Boston Globe - Geoff Edgers
You can depend on Van Morrison. He shows up exactly when your ticket says he will, and there's no need to worry about keeping the baby sitter late. Morrison punches through his 90-minute set as if he has a train to catch. Made famous for his mystical musical journeys, in concert he tends to, as the title of his upcoming record is named, "Keep It Simple." He cares certainly, gripping the microphone and belting out his white-man soul with conviction. But he's become more about consistency than conducting a spiritual self-exam onstage. At 62, hidden by his trademark fedora and sunglasses, Morrison embraces midtempo blues and jazzy shuffles. He's far more Mose Allison than "Into the Mystic."
The fans don't seem to mind. Like Dylan diehards, they accept and embrace their hero's path. Morrison doesn't chat between songs and he doesn't take requests. Even if you're paying several hundred dollars to see him, he's not about to play most of his best known records. Friday night, at the Citi Wang Theatre, Morrison's set included more than half of the adult-oriented R & B on "Keep It Simple," a mediocre album that won't be out for two weeks.
Should we praise such fan loyalty? Should Morrison be lauded for refusing to rest on his catalog? That depends. Fact is, the singer's best moments during Friday night's concert came during the less familiar. "Behind the Ritual" is a mantra of a song that happens to be the best recording on his upcoming album. It built slowly and steadily until his 11-person band hit a groove, and Morrison, inspired into a series of scats, slowly marched off the stage. Morrison's cover of "Stop Drinking" was made gritty by the band's dueling guitarists. Older nuggets such as "Vanlose Stairway" and "Magic Time" were strong as well, and Morrison seemed to dig into his newer, midtempo songs, giving "School of Hard Knocks" and "Soul" tougher readings than on the record.
But he sleep-sang through "Bright Side of the Road" and turned "Moondance," easily the best known song of the set, into a loungey band jam. The hard breaks on record were turned softer than baked brie. Morrison didn't bother singing the second verse, letting his band members take a vocal turn.
That would have been easier to take if Morrison showed he couldn't hit the high notes. But he can. This was a choice, as were the sometimes cheesy arrangements that held back his band, which periodically showed it could pull off country, jazz, and even something approximating garage rock on a few encore verses of "Gloria."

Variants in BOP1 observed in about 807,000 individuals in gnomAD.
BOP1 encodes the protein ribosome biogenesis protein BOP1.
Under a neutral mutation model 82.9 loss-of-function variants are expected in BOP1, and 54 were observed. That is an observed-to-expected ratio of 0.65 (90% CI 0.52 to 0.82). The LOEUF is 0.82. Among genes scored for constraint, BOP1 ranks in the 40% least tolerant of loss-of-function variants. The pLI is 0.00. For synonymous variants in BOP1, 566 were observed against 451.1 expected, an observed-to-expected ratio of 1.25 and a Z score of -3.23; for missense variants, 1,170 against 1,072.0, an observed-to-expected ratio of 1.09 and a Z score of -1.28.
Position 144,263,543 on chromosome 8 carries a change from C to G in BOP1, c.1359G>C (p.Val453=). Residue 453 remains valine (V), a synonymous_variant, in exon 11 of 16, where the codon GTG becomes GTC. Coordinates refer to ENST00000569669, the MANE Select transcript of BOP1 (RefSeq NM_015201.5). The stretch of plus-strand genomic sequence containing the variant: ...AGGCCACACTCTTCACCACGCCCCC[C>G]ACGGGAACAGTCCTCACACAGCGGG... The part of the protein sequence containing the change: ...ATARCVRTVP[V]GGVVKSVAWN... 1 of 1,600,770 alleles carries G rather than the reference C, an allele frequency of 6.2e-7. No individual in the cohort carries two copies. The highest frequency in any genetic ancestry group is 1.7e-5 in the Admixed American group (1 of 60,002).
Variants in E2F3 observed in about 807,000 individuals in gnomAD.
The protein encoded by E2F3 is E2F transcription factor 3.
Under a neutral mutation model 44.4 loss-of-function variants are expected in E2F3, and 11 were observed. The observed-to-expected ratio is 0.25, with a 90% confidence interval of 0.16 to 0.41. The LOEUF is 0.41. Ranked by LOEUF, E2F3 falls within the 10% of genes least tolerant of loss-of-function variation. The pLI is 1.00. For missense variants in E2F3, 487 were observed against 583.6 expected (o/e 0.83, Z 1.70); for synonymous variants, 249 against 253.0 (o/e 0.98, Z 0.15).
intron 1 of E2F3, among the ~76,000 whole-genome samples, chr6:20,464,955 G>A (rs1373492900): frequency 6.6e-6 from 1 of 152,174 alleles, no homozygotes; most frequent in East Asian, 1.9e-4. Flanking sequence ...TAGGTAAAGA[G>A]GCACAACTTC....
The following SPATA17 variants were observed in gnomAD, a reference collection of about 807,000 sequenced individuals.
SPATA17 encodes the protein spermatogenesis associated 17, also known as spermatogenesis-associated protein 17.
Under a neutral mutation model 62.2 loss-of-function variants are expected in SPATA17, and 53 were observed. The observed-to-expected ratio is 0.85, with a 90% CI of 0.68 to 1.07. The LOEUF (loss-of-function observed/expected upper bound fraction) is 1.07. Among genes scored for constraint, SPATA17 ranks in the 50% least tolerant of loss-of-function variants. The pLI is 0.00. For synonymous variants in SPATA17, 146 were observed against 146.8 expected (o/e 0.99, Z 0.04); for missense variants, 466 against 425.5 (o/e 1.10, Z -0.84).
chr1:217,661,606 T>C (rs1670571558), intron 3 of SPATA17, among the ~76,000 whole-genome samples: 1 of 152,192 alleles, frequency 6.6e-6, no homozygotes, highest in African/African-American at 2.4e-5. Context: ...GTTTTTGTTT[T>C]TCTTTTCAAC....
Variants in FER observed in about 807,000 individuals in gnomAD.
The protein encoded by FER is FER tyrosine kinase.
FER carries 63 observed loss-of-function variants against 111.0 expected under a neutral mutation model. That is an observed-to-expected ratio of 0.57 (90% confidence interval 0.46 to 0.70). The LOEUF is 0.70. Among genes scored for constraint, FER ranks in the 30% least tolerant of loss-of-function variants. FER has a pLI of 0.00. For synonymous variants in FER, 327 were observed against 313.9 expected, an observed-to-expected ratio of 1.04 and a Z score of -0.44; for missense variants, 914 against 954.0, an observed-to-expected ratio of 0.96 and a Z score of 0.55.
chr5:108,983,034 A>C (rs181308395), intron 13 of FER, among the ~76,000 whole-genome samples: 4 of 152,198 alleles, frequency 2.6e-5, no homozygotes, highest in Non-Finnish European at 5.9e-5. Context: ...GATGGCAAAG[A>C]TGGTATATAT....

Listening to Morrison sing, watching the smiles as they spread throughout the house, you almost felt guilty to be secretly wishing the singer would put down his sax, grip that microphone, and trot out "Brown Eyed Girl."
Boston Herald - Jed Gottlieb
At 62, Van Morrison is more than Van the Man. He’s Van the Old Man.
Sometime in the mid ’70s, Morrison struck out from youthful rock ’n’ roll toward adult jazz, blues, r & b and mellow, mystic Caledonia soul. Last night’s packed Citi Wang Theater gig reconfirmed that he’s happy with his course.
Never one for music industry conventions, Morrison spent most of the night playing songs from his yet-to-be-released album, “Keep It Simple.” Sure, it was two weeks before the album is set to hit stores. But nobody cared.
Morrison ran through more than half a dozen new tunes, including “Lover Come Back,” “School of Hard Knocks,” “How Can a Poor Boy” and the too-true “Don’t Go to Nightclubs Anymore.” Mostly they settled into the simmering super club jazz and long-form r & b jams his audience now has come to associate with Morrison.
With Van’s band, it’s the performances, not the songs that matter. The 12-piece volleyed around a tremendous set of licks.
While everyone, including maestro Morrison himself on vocals, sax, harmonica and ukulele, was top notch, steel guitarist Sarah Jory stood out. On Morrison’s big, brassy warhorse “Moondance,” she slid into a succulent solo that turned the old melody inside out.
For a show this good and this adult, it’s a shame Morrison stayed locked in his typically aloof stage presence. OK, so he’s an icon, artist and perfectionist. But, for tickets that ran from $50 to $300, a smile or a “thank you, thank you very much” or some acknowledgement that yourg fans came to see you would be nice.
But that’s Van. If fans are committed enough to come to show after show knowing they’re not going to hear any of his classic tunes other than “Moondance” and few bars of “Gloria,” they’re committed to enduring his dour disposition.
Morrison did almost perk up on the night’s one near-transcendent performance, “Behind the Ritual.” A new song with a very old soul, this long, slow-burning Celtic funk hymn recalled some of Morrison’s best -“Listen to the Lion,” “Saint Dominic’s Preview” and even “Cyprus Avenue.” At 62, when you can still pull out near miracles at the end of the show, your fans are bound to stick with you. Even if it costs them an occasional average tune and $300.